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an activity for Milagros: Girl from Away

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Activity based on a quote from Tía Isa Wants a Car

Prepare your students: To be honest, I’ve been to schools where no one has read my book. This really changes the impact of the visit. It’s still fun, but not nearly as meaningful. Stonewall students, on the other hand, read several of my books and did activities around the literature ahead of time, including readers theatre of Milagros and The Girl Who Could Silence the Wind.  They even used my picture book, Tia Isa Wants a Car for a writing and brainstorming activity – very cool for a middle school.

Plan something unusual and meaningful for your particular student population. Mrs. Mitchell asked me to read Tia Isa Quiere Un Carro in Spanish, since so many students at Stonewall are Latino, a significant number recently arrived. For the non Latino students, the English text and pictures were scanned and projected on the large screen.

Have the tech worked out: They had the screen, monitor, microphones, etc. all worked out for me. All I had to do was hand off the junk drive.

BdayCard

A birthday card from a student with my same last name! (She wrote a great poem, too.

Be organized about books sales/signings:  Books were pre-ordered by teachers and students, and each had a sticky with the person’s name. I was able to sign them all in my down time.

Author care 101:  My podium was fully stocked with little bottled water, mints, cough drops, and copy of all the books I would be talking about. At lunch time, they whisked me away to lunch and we had a good hour or so to sit down and regroup before heading back for the afternoon sessions.

From the author’s perspective, this experience was heaven. Linda Mitchell and her team tell me they’re considering putting together a teaching session on how to plan visits, including the nuts and bolts of funding and scheduling – traditionally the big stumbling blocks. I hope they do it. Keep your eyes peeled.

Looking forward to meeting more of you in 2014-15! Until then, happy summer and happy reading!

Cariños de, 

Meg

 

 

 

 

 

 

 

A True Bienvenidos

A warm welcome!

A warm welcome!

I spent a wonderful morning at Good Shepherd Episcopal School visiting with students from Pre-K through the eighth grade. It is so exciting to find schools like this where  the students are so obviously honored and loved.

Favorite comment:

On hearing that my tía Isa was actually a terrible driver:  “Your next book should be Tía Isa Goes to the Emergency Room.

Three best questions:

My fellow dinersDo you ever find that you accidentally put pieces of one story in another story?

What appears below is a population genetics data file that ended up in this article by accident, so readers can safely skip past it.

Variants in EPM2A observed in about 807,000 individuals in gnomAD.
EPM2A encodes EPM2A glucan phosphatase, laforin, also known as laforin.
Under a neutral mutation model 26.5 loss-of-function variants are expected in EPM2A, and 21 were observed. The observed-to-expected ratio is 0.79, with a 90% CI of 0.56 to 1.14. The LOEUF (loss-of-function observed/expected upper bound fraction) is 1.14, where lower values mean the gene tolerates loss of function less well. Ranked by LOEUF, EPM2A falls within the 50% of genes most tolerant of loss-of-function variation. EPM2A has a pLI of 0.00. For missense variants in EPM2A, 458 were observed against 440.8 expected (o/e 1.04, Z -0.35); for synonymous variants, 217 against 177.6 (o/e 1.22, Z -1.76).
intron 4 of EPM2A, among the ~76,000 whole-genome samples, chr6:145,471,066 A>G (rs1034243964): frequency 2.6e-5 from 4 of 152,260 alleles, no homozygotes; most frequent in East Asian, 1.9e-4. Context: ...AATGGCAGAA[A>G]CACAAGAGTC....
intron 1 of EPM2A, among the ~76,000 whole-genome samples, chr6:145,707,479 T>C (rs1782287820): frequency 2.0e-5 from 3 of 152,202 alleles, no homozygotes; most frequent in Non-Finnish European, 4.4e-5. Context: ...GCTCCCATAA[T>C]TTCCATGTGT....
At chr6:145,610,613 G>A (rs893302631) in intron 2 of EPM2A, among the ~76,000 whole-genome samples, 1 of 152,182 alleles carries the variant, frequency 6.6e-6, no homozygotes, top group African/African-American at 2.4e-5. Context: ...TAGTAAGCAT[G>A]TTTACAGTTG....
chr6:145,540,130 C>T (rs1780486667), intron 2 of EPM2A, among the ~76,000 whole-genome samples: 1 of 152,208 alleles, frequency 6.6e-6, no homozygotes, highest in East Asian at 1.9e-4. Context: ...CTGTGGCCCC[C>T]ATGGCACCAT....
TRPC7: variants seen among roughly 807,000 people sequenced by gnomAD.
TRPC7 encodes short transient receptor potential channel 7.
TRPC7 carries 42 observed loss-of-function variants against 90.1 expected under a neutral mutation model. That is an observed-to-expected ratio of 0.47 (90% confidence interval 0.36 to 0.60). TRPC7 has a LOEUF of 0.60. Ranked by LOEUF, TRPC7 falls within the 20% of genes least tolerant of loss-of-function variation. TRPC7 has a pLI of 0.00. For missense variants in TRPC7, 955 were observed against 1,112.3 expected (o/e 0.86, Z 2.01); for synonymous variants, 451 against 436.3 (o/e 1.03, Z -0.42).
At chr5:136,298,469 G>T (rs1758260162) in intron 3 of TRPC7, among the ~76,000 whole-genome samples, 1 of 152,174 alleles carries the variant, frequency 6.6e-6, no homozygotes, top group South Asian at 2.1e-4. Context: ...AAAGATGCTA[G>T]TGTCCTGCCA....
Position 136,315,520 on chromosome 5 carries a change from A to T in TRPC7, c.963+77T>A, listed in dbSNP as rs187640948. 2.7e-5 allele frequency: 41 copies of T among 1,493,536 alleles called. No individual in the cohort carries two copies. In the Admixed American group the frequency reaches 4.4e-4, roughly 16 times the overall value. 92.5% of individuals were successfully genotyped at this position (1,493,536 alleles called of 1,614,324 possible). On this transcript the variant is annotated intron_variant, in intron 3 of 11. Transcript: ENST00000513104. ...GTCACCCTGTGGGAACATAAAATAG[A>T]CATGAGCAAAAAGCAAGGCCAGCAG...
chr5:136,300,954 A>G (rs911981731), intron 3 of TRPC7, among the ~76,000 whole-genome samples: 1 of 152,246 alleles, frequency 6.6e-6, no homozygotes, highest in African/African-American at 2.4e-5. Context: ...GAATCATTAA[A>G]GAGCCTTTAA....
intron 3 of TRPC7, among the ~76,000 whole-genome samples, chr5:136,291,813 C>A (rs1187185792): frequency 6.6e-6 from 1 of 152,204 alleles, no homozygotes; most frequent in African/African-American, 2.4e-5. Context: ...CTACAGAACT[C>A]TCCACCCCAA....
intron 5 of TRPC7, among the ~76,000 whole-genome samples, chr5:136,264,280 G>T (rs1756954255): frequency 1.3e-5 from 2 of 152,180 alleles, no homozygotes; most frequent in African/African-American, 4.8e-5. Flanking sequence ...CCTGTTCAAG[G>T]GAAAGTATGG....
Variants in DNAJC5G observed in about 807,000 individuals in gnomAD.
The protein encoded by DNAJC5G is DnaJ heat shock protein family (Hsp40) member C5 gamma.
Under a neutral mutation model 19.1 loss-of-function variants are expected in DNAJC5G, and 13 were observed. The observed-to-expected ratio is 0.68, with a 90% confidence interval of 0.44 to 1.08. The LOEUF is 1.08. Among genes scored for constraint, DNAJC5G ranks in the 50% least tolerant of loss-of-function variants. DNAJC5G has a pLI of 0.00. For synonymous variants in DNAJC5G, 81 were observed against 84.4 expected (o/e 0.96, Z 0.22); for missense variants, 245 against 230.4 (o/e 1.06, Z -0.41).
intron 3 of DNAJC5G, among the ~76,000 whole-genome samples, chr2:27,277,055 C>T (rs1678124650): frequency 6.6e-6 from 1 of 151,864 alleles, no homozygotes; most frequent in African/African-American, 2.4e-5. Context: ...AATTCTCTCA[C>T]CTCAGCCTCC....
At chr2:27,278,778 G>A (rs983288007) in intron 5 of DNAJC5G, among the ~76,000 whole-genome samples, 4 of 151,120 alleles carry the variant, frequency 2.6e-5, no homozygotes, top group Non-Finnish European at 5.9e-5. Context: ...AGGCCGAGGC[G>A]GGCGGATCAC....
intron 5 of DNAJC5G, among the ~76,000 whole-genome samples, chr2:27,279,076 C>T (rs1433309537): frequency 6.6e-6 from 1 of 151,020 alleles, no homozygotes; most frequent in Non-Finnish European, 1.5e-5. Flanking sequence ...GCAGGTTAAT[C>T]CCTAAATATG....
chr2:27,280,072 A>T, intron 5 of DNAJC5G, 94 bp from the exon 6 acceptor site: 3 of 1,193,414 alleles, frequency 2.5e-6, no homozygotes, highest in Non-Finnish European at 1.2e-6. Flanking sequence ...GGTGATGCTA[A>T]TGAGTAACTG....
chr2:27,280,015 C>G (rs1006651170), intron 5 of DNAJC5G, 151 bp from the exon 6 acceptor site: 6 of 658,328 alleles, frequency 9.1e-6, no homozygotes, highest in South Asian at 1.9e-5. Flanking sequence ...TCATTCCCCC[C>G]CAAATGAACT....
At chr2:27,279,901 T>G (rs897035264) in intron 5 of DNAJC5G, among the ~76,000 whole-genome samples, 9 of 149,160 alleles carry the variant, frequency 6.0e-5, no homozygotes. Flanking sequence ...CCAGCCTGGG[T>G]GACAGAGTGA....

How do you know if your idea should be a book?

(With a worried look.) Is your tía Isa still driving on the streets?

Most touching event:

Chef Sue (who cooks homemade from organic produce every day for these sweet kids) made me “lechon” (pulled Cuban pork), white rice and black beans, so that I could enjoy un buen almuerzo. We even had merengues for dessert.  (A big hit. “Yum! You got this cookie right,” said one of the third graders.)

A Cuban feast for school lunch!

A Cuban feast for school lunch!

Chef Sue!

Chef Sue!

Best slang I taught them:

¡Pin Pan Pun! (rollaway bed)

Happiest coincidence:

Señora Cardounel, the  Spanish teacher, is from Cuba, too. We chatted in Spanish and swapped lots of stories. I hope she’ll visit me soon.

The fabulous Mrs. Dysart

The fabulous Mrs. Dysart

Thank you, Ms. Dysart and all the lovely faculty and students at Good Shepherd! If I had to go to school again, I would want to go to a place just like Good Shepherd.

School visits: An Open Book Literacy Foundation

Back to DC, one of my favorite cities, this time thanks to An Open Book Children’s Literacy Foundation which gives Title 1 schools in the District access to books and authors. (Feeling charitable this season?  They make an excellent choice for your philanthropy.) So, it’s second graders and eighth graders for me today. I think we’ll make our own “Tía Isa” cars out of foam with the younger ones, since this gives me a chance to channel my inner craft geek. (I can’t help it. I love office supplies and the smell of Elmers Glue). Thrilled also to start a new Hope Tree in the DC area with the older guys.

Raymond Education Center, here I come!

What color would your car be? Where would you want your car to take you?

What color would your car be? Where would you want your car to take you?

Do children get cuter than this?

I visited Colonial Trail Elementary School last week. It’s nestled behind a behemoth mall, but don’t be fooled. This school is a gold nugget in western Henrico County, and fourth grade teacher Tiffany Graves goes out of her way to bring literature alive in her room. Looking forward to thinking of ways of working together next year!

Look at this good looking bunch.

Fourth graders in Ms. Graves class